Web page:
As we swiftly approach the most beloved of seasons — the fall – people are coming out in droves to share their work with the world. This week is all about music!
FROM THE BACK OF THE ROOM: A Documentary about Women in Punk
TONIGHT, SEPTEMBER 14 @ SPECTACLE THEATER
This documentary chronicles the past two decades of female involvement in the DIY punk community. We’ve interviewed tons of amazing women ages 17-40 from all over the United States!
You can RSVP on Facebook; showings at 7:00 and 9:30PM. $5.
YOU SAY YOU WANT A REVOLUTION?
A Panel at the Brooklyn Book Festival
SUNDAY, SEPTEMBER 18, 2PM @ ST. FRANCIS VOLPE LIBRARY
Music is often the voice of a generation-a touchstone for issues both personal and political, and a way for its fans to understand themselves. Mark Yarm, (Everybody Loves Our Town: An Oral History of Grunge), Marisa Meltzer (Girl Power: The Nineties Revolution in Music) and Marcus Reeves (Somebody Scream: Rap Music’s Rise to Prominence in the Aftershock of Black Power) – look at the impact of punk, hip hop, riot grrrl, and more on the lives of its fans. Moderated by Will Hermes (Love Goes To Buildings On Fire).
& THEN… LATER THAT NIGHT!
SUNDAY, SEPTEMBER 18, 7:30PM @ UNION DOCS
Verso Books has declared September “the month of White Riot“ and I am not one to disagree. Stephen Duncombe (Notes from Underground: Zines and the Politics of Alternative Culture) and Maxwell Tremblay (The SLEEPiES) have edited this pioneering collection on punk and race. Verso and UnionDocs have teamed up to bring us this night of films and a discussion on the subject. You can listen to Stephen and Max on WFMU discussing the book, too.
Sunday, September 18 at 7:30pm // at UnionDocs // 322 Union Ave., Brooklyn, NY // $9 suggested donation.
Movie selections and critical discussion on punk rock and race, from the Clash to Los Crudos, skinheads to afropunks, with professor Stephen Duncombe and writer/musician Maxwell Tremblay. More after the jump.
Punk, in its first incarnations, was an attempt by young whites, dissatisfied with the world they were born into, to grab and forge a new ethnicity for themselves. What form it took was up for grabs. Punks of other races, meanwhile, navigated the space between the racism of the dominant culture and that of their “alternative” scene.
Born out of a time: the mid 1970s, and in places: the UK and US, when and where white supremacy was being contested politically, culturally and demographically, punk rock was forced – sometimes openly and sometimes obliquely, at times with hostility and at other times with empathy – to grapple with the issue of race. The result has been a multi-vocal argument about what it means to be white – or not – in a world where whiteness is no longer the assumed universal.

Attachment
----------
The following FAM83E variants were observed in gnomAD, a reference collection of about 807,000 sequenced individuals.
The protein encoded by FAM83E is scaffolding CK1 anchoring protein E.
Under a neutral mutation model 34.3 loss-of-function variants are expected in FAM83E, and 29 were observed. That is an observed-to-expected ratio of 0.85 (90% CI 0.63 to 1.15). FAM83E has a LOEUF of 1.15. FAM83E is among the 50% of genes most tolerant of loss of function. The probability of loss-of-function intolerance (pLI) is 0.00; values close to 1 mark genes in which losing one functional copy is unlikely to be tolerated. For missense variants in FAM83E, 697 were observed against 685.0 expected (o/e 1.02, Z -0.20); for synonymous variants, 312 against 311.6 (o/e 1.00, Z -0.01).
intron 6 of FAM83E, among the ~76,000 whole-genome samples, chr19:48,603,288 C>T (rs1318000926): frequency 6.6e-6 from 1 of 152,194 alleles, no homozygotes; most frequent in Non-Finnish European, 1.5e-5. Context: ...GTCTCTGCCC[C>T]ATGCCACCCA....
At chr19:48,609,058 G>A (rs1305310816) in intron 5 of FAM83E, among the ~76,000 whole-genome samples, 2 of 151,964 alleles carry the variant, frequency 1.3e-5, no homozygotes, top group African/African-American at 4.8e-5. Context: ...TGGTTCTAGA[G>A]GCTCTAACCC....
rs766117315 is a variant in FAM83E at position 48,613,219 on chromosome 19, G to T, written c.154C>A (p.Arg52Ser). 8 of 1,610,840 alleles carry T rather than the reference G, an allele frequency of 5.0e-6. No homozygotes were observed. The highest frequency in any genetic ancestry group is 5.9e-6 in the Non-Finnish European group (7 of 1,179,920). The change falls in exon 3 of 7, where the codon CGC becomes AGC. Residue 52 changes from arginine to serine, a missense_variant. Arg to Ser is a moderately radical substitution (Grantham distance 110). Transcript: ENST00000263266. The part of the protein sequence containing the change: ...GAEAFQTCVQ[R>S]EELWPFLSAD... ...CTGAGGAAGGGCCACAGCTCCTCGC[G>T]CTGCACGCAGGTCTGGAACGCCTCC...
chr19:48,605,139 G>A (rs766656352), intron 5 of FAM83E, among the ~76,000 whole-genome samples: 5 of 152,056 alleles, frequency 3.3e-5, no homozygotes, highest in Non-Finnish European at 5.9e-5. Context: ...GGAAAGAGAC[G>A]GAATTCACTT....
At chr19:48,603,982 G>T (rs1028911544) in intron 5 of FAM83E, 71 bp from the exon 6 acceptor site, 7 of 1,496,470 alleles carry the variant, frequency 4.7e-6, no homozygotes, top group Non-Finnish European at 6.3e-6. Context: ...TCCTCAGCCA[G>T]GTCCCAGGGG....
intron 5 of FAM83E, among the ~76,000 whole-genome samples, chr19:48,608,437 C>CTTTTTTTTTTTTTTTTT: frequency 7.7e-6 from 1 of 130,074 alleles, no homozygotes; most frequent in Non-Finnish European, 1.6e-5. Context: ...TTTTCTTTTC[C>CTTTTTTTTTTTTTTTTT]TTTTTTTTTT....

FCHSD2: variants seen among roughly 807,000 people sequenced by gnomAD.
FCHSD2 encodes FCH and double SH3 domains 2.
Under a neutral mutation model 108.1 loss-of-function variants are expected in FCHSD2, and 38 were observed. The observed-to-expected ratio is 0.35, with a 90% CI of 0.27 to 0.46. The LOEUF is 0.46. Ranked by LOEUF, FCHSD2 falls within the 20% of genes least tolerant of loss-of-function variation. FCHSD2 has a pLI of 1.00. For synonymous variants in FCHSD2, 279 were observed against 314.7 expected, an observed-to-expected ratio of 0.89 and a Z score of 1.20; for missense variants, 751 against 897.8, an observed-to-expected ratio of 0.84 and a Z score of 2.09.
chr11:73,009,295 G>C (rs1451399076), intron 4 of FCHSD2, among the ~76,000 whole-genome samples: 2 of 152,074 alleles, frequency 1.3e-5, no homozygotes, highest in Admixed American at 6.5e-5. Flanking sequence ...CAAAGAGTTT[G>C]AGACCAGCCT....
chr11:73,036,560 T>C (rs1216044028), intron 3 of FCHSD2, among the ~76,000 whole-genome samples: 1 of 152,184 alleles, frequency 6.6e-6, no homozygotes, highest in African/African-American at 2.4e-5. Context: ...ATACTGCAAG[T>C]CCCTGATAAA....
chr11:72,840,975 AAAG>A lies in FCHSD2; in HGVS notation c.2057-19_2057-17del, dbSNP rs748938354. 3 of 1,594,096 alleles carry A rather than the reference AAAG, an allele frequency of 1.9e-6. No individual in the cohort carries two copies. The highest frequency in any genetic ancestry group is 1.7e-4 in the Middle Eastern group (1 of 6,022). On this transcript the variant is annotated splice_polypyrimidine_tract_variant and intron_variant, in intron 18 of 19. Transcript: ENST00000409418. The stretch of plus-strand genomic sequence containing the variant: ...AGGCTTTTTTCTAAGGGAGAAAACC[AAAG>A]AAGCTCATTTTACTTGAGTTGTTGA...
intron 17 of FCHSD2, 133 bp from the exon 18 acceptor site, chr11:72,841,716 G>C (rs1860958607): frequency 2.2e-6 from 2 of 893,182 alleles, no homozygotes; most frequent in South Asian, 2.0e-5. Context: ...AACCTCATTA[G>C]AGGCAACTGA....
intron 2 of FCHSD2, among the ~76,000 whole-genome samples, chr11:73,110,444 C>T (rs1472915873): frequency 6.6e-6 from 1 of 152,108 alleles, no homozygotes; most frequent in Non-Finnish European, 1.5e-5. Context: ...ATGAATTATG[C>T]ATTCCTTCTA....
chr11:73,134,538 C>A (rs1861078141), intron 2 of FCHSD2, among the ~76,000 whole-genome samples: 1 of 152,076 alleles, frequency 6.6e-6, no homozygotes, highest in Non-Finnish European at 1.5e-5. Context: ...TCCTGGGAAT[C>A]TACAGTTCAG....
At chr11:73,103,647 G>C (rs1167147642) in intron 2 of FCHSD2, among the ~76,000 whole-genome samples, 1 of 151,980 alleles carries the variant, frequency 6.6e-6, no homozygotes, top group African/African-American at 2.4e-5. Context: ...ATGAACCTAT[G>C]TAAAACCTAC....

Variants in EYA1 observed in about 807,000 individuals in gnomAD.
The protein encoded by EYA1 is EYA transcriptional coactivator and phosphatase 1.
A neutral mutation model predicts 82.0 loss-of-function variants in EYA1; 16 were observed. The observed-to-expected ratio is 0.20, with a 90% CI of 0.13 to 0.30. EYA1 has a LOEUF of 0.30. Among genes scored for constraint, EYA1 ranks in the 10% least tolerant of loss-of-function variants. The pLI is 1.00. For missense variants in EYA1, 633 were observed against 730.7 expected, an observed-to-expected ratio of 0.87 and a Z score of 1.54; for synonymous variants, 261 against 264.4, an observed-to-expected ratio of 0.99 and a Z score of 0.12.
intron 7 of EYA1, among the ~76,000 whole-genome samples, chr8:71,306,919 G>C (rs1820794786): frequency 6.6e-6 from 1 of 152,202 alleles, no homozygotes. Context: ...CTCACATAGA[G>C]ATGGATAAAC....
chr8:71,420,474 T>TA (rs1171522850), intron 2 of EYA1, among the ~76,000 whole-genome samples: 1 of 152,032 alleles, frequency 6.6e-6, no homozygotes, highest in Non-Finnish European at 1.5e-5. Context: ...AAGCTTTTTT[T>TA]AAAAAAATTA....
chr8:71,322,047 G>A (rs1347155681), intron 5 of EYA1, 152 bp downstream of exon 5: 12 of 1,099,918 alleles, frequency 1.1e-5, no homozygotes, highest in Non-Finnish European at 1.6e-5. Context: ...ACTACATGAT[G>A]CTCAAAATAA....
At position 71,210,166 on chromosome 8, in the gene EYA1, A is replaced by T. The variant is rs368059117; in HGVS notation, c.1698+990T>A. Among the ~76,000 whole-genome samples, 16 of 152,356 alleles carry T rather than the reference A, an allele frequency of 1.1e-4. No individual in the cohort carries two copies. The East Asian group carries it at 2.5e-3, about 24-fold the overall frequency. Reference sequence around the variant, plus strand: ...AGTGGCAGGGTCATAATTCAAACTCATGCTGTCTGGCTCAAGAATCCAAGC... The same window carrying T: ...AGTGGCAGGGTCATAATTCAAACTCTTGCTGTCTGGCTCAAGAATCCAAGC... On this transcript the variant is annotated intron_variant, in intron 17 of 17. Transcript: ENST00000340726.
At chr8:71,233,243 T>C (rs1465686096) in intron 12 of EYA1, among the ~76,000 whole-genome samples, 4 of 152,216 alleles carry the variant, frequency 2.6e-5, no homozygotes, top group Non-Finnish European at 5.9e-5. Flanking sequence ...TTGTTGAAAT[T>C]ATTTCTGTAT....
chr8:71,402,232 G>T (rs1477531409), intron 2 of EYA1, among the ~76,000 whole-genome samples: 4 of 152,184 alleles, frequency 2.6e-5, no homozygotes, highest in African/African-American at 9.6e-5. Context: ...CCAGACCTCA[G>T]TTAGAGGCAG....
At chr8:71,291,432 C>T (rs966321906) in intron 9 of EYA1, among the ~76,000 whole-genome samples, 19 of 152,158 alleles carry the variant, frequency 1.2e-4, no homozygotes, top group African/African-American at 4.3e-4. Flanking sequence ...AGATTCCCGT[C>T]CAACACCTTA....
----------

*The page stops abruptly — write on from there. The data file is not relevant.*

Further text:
Join “White Riot” editors Stephen Duncombe and Maxwell Tremblay for a look at the varied voices that have explored the issue of punk rock and race in film, and a discussion on how different punks have lived and negotiated racial identity.
“White Riot,” recently released from Verso and for sale at the event, is the definitive study of the subject, collecting first-person writing, lyrics, letters to zines, and analyses of punk history from across the globe.
Selections will be presented from the following movies:
Rude Boy–by Jack Hazan and David Mingay–UK, 1980, digital projection
Jack Hazan and David Mingay’s semi-documentary story of a punk fan in a late 70s UK in economic decline and riven by racial tension; the film includes footage of the Clash playing “White Riot” at a Rock against Racism concert as well as fascist National Front rallies.
Decline of Western Civilization–by Penelope Spheeris–USA, 1981, digital projection
The first of Penelope Spheeris’ Decline music scene documentaries, this one chronicles the LA punk scene in its heyday, circa 1980. Among other punk bands, the punk doc features the Latina fronted band, The Bags, and catches Black Flag performing “White Minority.”
Afro-punk: the Original ‘Rock ‘n’ Roll Nigger’ Experience–by James Spooner–USA, 2003, digital projection
A film that defined a movement. The documentary chronicles the experiences of Black punks who find themselves navigating between the Black, and often musically conservative, culture they grew up within and the predominantly White, and frequently racist, punk scene of which they are a part.
Mas alla de los gritos/Beyond the Screams: A US Latino Hardcore Documentary–by Martin Sorreondeguy–USA, 1999, digital projection
In this documentary, Martín Sorrondeguy excavates the history of Latino punk rock in the US, featuring performances from among other acts, his own seminal band: Los Crudos, as they travel outside of the confines of this country to play in Mexico City.
The Punks Are Alright: A Punk Rock Safari from the First World to the Third–by Douglas Crawford–Canada, 2006, digital projection
Douglas Crawford traces the global circuits of punk rock, from the songs of a 70s era Canadian punk band, The Forgotten Rebels, to their inspiration for a later Brazilian band, Blind Pigs, to that band’s influence on contemporary Indonesian punk rockers.